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Monday, September 7, 2020

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1 Corinthians 5:1-8
Psalm 5:5-7, 12
Luke 6:6-11

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how to truly love sinners

“I hand him over to Satan for the destruction of his flesh, so that his spirit may be saved on the day of the Lord.” —1 Corinthians 5:5

St. Paul heard that one of the Corinthian Christians had committed a serious sexual sin and was not repentant (1 Cor 5:1). Paul knew that he had to make it clear that this man was excommunicated (1 Cor 5:3ff; 5:13). However, some in the Corinthian church were condoning this sin (see 1 Cor 5:2), and Paul could not be present personally to speak with the person excommunicated or the other members of the church (1 Cor 5:3). Furthermore, it was questionable whether Paul’s authority in the Corinthian church would be accepted (see 2 Cor 11:5ff).
Paul had these several reasons not to address the sin in the Corinthian church immediately. However, he knew that it was God’s will for him to act without delay, for “a little yeast has its effect all through the dough” (1 Cor 5:6). Sin is like cancer. It can spread quickly. Hence, immediate action is necessary no matter what the obstacles.
Today, a permissive attitude toward sin is pervasive even in much of the Church. Although this may appear to be compassionate, loving, and “non-judgmental,” at best, permissiveness toward sin is a paralyzing confusion. Permissiveness is a refusal to be responsible, loving, and just. It is out of touch with reality and makes matters worse immediately and possibly forever.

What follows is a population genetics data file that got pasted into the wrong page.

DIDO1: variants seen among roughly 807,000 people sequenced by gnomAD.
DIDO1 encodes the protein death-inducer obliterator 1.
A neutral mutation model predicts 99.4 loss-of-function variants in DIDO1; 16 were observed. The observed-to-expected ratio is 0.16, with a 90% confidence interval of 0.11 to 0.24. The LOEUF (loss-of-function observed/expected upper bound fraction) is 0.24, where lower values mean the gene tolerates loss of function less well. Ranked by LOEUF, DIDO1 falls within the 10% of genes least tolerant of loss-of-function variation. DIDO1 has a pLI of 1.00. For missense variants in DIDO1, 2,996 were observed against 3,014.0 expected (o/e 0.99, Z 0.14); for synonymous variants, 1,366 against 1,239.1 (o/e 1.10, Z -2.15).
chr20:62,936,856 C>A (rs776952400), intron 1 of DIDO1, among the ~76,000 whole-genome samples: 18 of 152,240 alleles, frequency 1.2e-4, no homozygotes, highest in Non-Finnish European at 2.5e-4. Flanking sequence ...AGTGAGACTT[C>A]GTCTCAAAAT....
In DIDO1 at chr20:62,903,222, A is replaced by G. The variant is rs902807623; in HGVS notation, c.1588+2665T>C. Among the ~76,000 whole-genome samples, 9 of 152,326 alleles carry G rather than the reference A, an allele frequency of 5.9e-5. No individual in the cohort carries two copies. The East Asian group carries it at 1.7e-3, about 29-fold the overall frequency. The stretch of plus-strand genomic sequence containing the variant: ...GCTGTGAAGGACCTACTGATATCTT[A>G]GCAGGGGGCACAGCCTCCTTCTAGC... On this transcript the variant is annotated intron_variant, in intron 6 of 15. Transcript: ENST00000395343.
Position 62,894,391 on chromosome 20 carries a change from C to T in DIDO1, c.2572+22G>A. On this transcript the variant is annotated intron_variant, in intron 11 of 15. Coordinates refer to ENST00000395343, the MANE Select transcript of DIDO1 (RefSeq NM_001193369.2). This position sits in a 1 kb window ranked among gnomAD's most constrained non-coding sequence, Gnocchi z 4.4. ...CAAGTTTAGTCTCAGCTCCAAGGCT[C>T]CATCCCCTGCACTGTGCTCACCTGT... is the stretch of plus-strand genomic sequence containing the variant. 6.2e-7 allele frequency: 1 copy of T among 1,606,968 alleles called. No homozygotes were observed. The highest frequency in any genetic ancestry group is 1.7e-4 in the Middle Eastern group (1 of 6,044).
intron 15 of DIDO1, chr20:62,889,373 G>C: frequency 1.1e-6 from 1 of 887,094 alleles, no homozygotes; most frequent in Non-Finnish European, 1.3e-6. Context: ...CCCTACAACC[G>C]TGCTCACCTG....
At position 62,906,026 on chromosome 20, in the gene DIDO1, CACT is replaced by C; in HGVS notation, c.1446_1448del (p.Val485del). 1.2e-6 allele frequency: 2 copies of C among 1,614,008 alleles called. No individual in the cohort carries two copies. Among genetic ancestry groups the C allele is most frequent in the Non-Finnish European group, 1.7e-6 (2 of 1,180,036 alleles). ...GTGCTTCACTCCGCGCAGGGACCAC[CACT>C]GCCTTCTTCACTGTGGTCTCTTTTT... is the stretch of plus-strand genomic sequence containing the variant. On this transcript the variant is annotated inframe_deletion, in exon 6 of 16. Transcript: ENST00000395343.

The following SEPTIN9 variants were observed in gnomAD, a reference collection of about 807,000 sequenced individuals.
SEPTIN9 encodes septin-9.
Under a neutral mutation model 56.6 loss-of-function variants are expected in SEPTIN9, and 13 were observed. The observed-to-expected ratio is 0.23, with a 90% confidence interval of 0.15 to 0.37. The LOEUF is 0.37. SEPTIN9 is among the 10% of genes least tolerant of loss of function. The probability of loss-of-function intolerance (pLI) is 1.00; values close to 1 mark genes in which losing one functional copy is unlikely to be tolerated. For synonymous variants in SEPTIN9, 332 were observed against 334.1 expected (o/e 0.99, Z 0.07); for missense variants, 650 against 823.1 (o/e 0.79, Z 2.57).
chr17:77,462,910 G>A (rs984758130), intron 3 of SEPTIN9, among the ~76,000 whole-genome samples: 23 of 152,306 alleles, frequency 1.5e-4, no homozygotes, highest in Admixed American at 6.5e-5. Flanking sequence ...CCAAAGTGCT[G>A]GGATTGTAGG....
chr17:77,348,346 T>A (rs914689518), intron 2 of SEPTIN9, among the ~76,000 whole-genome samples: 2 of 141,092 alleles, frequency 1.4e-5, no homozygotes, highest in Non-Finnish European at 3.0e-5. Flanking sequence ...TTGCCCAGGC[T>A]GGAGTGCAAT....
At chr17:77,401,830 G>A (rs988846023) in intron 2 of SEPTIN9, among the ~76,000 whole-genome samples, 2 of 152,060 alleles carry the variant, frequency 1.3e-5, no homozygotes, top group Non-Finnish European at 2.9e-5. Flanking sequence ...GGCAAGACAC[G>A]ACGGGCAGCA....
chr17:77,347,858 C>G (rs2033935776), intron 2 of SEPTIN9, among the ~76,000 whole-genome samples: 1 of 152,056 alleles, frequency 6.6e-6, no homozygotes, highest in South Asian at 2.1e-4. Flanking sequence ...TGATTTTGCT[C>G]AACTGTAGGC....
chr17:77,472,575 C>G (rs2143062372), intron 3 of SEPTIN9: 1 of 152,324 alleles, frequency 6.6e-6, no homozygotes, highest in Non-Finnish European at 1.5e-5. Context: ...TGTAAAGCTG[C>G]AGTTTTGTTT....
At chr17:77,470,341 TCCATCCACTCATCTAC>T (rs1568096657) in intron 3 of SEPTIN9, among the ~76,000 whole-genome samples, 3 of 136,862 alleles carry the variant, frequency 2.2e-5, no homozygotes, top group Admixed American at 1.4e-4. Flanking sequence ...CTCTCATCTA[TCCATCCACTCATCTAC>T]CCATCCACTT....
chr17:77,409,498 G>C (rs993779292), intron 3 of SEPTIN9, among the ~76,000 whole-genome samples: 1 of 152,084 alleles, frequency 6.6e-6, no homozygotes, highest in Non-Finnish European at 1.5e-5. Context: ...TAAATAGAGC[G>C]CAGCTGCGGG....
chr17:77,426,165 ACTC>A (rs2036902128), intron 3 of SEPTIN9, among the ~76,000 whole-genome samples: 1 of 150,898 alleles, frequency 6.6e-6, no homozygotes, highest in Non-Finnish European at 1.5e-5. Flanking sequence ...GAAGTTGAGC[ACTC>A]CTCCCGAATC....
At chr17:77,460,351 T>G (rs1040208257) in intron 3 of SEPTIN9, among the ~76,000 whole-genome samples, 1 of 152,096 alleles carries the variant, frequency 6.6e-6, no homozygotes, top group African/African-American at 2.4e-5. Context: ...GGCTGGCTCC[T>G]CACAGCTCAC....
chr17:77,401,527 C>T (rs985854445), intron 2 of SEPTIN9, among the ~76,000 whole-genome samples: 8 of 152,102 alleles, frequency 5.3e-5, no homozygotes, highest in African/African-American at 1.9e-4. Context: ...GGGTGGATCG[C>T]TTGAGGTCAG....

So let us follow Paul’s example in acting immediately regarding sin and having “zero tolerance” for our own sins and those of others. In this way, we will hate the sin and truly love the sinner.

Prayer:  Father, give me Your attitude toward sinners and sin.

Promise:  Jesus “said to the man, ‘Stretch out your hand.’ The man did so and his hand was perfectly restored.” —Lk 6:10

Praise:  Thomas expressed his love for Jesus by helping to distribute food and clothes to more than a hundred needy families.

Reference:  

Rescript:  "In accord with the Code of Canon Law, I hereby grant the Nihil Obstat for One Bread, One Body covering the period from August 1, through September 30, 2020. Most Reverend Joseph R. Binzer, Auxiliary Bishop, Vicar General Archdiocese of Cincinnati, Cincinnati, Ohio October 1, 2019"

The Nihil Obstat ("Permission to Publish") is a declaration that a book or pamphlet is considered to be free of doctrinal or moral error. It is not implied that those who have granted the Nihil Obstat agree with the contents, opinions, or statements expressed.